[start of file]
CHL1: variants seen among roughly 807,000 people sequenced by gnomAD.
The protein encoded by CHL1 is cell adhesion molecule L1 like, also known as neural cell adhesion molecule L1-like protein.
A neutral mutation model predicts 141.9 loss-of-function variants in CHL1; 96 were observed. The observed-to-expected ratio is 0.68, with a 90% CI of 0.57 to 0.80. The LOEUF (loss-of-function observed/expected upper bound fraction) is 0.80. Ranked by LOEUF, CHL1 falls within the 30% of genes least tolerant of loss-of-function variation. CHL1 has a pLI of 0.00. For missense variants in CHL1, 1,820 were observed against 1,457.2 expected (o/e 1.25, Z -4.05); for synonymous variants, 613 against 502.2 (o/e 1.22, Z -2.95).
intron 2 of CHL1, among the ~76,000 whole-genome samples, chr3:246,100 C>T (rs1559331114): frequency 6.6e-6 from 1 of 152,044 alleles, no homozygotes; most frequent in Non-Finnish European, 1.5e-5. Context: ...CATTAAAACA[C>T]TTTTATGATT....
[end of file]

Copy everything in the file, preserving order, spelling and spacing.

CHL1: variants seen among roughly 807,000 people sequenced by gnomAD.
The protein encoded by CHL1 is cell adhesion molecule L1 like, also known as neural cell adhesion molecule L1-like protein.
A neutral mutation model predicts 141.9 loss-of-function variants in CHL1; 96 were observed. The observed-to-expected ratio is 0.68, with a 90% CI of 0.57 to 0.80. The LOEUF (loss-of-function observed/expected upper bound fraction) is 0.80. Ranked by LOEUF, CHL1 falls within the 30% of genes least tolerant of loss-of-function variation. CHL1 has a pLI of 0.00. For missense variants in CHL1, 1,820 were observed against 1,457.2 expected (o/e 1.25, Z -4.05); for synonymous variants, 613 against 502.2 (o/e 1.22, Z -2.95).
intron 2 of CHL1, among the ~76,000 whole-genome samples, chr3:246,100 C>T (rs1559331114): frequency 6.6e-6 from 1 of 152,044 alleles, no homozygotes; most frequent in Non-Finnish European, 1.5e-5. Context: ...CATTAAAACA[C>T]TTTTATGATT....